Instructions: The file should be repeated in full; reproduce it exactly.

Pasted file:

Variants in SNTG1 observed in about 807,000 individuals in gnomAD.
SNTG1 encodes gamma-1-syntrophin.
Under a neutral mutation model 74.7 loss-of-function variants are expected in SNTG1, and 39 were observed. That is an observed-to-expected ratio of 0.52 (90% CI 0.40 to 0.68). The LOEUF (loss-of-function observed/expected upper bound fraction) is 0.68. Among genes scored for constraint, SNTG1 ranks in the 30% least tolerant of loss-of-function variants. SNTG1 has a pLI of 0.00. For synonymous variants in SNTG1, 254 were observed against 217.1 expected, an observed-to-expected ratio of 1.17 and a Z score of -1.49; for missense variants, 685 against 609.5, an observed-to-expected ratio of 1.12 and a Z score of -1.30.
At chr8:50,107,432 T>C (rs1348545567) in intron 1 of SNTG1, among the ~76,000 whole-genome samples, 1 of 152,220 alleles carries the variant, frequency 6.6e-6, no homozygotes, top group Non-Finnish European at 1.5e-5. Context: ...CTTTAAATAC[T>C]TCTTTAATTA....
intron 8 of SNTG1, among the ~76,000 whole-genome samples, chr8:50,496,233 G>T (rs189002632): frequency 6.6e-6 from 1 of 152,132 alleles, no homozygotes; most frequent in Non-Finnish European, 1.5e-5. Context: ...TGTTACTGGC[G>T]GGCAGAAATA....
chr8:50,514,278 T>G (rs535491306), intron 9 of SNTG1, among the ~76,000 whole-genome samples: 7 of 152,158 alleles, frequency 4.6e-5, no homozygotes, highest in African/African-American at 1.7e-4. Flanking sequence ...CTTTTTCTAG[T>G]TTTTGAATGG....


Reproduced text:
Variants in SNTG1 observed in about 807,000 individuals in gnomAD.
SNTG1 encodes gamma-1-syntrophin.
Under a neutral mutation model 74.7 loss-of-function variants are expected in SNTG1, and 39 were observed. That is an observed-to-expected ratio of 0.52 (90% CI 0.40 to 0.68). The LOEUF (loss-of-function observed/expected upper bound fraction) is 0.68. Among genes scored for constraint, SNTG1 ranks in the 30% least tolerant of loss-of-function variants. SNTG1 has a pLI of 0.00. For synonymous variants in SNTG1, 254 were observed against 217.1 expected, an observed-to-expected ratio of 1.17 and a Z score of -1.49; for missense variants, 685 against 609.5, an observed-to-expected ratio of 1.12 and a Z score of -1.30.
At chr8:50,107,432 T>C (rs1348545567) in intron 1 of SNTG1, among the ~76,000 whole-genome samples, 1 of 152,220 alleles carries the variant, frequency 6.6e-6, no homozygotes, top group Non-Finnish European at 1.5e-5. Context: ...CTTTAAATAC[T>C]TCTTTAATTA....
intron 8 of SNTG1, among the ~76,000 whole-genome samples, chr8:50,496,233 G>T (rs189002632): frequency 6.6e-6 from 1 of 152,132 alleles, no homozygotes; most frequent in Non-Finnish European, 1.5e-5. Context: ...TGTTACTGGC[G>T]GGCAGAAATA....
chr8:50,514,278 T>G (rs535491306), intron 9 of SNTG1, among the ~76,000 whole-genome samples: 7 of 152,158 alleles, frequency 4.6e-5, no homozygotes, highest in African/African-American at 1.7e-4. Flanking sequence ...CTTTTTCTAG[T>G]TTTTGAATGG....